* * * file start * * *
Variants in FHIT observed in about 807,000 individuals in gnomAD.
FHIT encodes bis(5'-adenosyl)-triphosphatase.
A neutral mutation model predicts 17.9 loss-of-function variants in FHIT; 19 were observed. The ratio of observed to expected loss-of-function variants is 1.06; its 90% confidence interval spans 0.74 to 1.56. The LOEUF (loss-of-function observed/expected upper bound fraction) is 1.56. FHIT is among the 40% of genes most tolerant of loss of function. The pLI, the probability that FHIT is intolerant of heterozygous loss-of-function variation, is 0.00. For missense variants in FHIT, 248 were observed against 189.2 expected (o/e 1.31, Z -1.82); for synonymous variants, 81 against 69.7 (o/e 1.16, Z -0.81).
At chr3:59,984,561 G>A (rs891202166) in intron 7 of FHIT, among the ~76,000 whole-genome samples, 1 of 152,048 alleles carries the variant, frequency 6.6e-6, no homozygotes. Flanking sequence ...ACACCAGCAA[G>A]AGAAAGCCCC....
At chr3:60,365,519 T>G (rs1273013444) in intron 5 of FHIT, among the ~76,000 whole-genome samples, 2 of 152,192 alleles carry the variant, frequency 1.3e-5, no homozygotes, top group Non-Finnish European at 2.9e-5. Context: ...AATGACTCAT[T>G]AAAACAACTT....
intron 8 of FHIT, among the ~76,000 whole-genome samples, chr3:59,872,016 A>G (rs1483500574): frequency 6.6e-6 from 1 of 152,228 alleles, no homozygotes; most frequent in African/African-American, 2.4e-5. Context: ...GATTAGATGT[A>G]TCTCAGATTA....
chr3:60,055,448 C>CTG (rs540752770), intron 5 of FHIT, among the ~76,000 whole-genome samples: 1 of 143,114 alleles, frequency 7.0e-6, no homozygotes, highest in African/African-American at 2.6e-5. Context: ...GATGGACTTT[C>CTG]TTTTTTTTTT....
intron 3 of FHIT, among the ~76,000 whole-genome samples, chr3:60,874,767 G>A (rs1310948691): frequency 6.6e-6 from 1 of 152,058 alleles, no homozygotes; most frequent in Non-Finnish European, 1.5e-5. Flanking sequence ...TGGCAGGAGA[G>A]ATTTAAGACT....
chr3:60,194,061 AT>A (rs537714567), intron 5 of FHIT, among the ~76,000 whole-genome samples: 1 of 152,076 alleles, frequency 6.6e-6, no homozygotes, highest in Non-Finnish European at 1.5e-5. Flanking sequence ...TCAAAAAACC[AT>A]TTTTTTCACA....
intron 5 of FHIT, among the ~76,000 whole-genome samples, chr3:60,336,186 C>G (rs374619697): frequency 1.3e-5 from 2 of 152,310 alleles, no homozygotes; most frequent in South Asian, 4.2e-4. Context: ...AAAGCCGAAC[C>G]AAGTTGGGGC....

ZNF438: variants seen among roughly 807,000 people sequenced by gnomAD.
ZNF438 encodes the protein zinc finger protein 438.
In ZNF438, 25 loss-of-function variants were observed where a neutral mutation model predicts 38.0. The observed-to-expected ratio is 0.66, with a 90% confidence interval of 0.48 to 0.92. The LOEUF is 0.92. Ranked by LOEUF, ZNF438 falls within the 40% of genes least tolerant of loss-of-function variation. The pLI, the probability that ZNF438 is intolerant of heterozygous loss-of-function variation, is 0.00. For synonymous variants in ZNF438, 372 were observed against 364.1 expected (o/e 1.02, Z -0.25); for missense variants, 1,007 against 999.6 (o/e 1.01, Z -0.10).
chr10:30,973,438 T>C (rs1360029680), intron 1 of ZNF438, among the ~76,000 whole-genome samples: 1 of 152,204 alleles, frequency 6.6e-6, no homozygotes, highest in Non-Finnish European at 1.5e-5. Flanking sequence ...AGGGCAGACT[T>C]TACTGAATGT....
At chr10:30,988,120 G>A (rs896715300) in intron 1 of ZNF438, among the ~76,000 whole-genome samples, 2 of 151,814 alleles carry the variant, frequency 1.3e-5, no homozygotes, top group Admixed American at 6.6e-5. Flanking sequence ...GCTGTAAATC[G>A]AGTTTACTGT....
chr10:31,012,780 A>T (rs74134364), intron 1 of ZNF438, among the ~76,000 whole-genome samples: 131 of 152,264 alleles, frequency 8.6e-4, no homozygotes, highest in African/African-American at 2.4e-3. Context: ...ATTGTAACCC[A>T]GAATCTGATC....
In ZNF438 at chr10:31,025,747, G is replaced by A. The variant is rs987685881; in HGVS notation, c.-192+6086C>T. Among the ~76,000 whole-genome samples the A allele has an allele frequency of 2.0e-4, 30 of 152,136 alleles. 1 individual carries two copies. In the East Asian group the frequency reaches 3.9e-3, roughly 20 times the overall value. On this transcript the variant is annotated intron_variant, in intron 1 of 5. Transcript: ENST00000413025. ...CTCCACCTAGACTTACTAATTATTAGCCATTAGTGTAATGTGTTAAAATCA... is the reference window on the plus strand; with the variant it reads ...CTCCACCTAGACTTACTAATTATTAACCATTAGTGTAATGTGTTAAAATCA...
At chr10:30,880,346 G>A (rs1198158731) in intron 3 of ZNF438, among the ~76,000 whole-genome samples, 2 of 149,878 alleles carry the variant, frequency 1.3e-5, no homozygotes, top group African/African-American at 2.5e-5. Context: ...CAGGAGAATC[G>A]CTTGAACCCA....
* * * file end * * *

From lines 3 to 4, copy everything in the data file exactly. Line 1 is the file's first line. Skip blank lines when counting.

A neutral mutation model predicts 17.9 loss-of-function variants in FHIT; 19 were observed. The ratio of observed to expected loss-of-function variants is 1.06; its 90% confidence interval spans 0.74 to 1.56. The LOEUF (loss-of-function observed/expected upper bound fraction) is 1.56. FHIT is among the 40% of genes most tolerant of loss of function. The pLI, the probability that FHIT is intolerant of heterozygous loss-of-function variation, is 0.00. For missense variants in FHIT, 248 were observed against 189.2 expected (o/e 1.31, Z -1.82); for synonymous variants, 81 against 69.7 (o/e 1.16, Z -0.81).
At chr3:59,984,561 G>A (rs891202166) in intron 7 of FHIT, among the ~76,000 whole-genome samples, 1 of 152,048 alleles carries the variant, frequency 6.6e-6, no homozygotes. Flanking sequence ...ACACCAGCAA[G>A]AGAAAGCCCC....